Why Mike Matheny's wrong about this one

Dilip Vishwanat

Sunday afternoon in St. Louis, there was a close play at first base. A young umpire, Clint Fagan, called Yadier Molina out. Molina slammed his helmet down, and Fagan kicked him out of the game. Then Molina really got mad, and then Mike Matheny got mad and he got kicked out too. Molina sort of wrestled around with another umpire, and might get suspended.

All this happened in the third inning. A couple of hours later, Matheny didn't seem to have gotten over it:

"He never said a word to the umpire. He never said a word," said Matheny, who did not hide his dissatisfaction of the call during his postgame press conference. "He was upset because he thought that ball was through and it would be a run for our club. He thought we had a rally going. Then all of a sudden, he's thrown out. He wasn't even close to talking about the call. It was just frustration on himself.

"I just don't understand how that call can be made if you're not out looking for it, especially from a young umpire," Matheny continued. "It's frustrating, because that changed the game for us. Now, I'm not saying that if he stays in the game, we win. But I'm saying that that wasn't necessary. That's all there was to it."

"I just don't understand how that call can be made if you're not out looking for it, especially from a young umpire," Matheny continued...

Okay, so here's the thing ... The umpires have three options when a player abuses his equipment:

1. Automatically eject player;

2. Completely ignore abuse of equipment; or

3. Exercise some judgment.

The players (and the managers) don't like Option #1, because that would mean more players getting ejected. Nobody else likes Option #2, because that would mean a profusion of slammed helmets, bats, and anything else that might be at hand. Which leaves Option #3, which is actually what we've got: Judgment.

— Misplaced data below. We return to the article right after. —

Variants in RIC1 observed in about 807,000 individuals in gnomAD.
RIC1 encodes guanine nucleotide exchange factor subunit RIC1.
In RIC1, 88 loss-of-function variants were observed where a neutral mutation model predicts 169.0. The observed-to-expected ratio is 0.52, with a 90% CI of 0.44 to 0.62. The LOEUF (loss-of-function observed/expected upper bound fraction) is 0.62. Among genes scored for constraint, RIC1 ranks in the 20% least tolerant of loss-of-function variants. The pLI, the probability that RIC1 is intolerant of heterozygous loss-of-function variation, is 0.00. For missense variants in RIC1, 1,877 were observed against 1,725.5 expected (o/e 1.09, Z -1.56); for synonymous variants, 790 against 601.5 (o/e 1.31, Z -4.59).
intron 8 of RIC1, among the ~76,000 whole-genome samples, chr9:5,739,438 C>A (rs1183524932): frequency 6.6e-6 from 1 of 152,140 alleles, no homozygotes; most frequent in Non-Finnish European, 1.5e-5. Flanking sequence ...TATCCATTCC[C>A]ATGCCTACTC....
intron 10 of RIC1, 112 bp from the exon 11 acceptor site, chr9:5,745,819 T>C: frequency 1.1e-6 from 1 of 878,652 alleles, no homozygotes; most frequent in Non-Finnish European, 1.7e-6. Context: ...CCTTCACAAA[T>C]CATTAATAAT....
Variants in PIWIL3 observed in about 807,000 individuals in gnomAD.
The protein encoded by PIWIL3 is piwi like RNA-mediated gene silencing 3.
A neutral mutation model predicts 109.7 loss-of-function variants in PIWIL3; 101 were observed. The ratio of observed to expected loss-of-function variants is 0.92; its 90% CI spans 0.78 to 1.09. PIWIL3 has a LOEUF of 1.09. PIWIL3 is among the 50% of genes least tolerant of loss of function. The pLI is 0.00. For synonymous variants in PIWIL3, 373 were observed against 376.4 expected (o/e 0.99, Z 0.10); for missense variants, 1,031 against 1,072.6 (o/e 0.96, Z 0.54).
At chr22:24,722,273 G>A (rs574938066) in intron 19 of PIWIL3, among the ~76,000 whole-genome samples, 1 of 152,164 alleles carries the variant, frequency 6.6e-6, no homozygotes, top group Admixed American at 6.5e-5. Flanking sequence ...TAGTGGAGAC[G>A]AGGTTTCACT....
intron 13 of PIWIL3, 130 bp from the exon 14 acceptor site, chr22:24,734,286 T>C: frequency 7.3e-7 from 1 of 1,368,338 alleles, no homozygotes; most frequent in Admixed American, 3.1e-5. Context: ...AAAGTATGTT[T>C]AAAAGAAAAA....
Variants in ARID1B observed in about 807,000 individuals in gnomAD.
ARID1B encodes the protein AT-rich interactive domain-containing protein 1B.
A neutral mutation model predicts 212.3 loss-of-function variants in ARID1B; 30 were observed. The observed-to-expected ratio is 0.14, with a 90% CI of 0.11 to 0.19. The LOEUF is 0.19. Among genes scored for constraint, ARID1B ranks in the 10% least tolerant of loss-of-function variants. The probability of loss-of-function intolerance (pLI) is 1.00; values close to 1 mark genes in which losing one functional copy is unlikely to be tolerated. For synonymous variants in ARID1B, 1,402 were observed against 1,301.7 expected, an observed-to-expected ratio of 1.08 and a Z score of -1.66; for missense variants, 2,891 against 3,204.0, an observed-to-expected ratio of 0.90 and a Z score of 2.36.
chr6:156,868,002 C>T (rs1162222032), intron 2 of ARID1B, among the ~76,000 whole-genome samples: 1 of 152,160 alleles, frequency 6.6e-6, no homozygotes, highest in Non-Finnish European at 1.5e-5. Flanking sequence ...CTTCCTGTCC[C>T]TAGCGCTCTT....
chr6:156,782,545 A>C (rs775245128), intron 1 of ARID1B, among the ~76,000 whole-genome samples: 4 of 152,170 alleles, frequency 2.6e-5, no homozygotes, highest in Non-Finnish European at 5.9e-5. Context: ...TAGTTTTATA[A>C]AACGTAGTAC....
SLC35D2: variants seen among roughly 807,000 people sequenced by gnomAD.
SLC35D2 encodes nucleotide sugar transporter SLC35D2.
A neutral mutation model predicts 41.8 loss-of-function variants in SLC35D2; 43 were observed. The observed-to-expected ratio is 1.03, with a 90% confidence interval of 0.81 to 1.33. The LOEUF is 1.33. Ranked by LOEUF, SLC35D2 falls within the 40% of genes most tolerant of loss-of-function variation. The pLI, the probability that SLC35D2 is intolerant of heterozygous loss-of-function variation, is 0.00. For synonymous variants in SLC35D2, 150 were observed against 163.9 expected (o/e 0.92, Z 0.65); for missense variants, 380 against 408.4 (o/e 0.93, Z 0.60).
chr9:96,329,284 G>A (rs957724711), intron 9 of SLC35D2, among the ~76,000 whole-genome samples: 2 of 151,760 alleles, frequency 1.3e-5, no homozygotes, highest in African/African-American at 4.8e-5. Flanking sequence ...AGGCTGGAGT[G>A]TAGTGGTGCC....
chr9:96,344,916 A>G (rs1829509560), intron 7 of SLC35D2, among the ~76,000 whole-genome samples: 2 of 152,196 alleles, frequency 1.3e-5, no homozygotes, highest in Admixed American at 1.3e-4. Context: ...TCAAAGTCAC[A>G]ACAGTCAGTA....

Funny thing about judgment, though? Sometimes one of the involved parties is going to disagree with the judgment. Sometimes the judgment's going to be poor. In this case, it probably was. But just as you're going to occasionally see incorrect judgment calls elsewhere, you're occasionally going to see umpires misjudge a player's intent.

Again, the only way to avoid this situation is to go with Options #1 or #2. My preference, actually, would be Option #1.

Another quote from Matheny: ""If you're going to throw him out for that, then you're going to have to throw out half of the team. They get mad sometimes when they get out and they make a good play."

Players get mad all the time. You get mad all the time. I get mad all the time. We don't slam our helmets to the ground every time we get mad because there are consequences, most of the time. If there were an ironclad rule saying you can't slam your helmet down, no matter what, I can promise you that a) players would still get mad sometimes, but b) helmet-slamming would drop significantly. Because yes, Mike Matheny, players can learn.

But until then, and for as long as players retain the right to slam stuff to the ground without necessarily getting ejected, these things will happen. Because when you ask umpires to read minds, sometimes they're going to be wrong. Old umpires, young umpires, and everywhere-in-between umpires.

For much more about the Cardinals, please visit SB Nation's Viva El Birdos.

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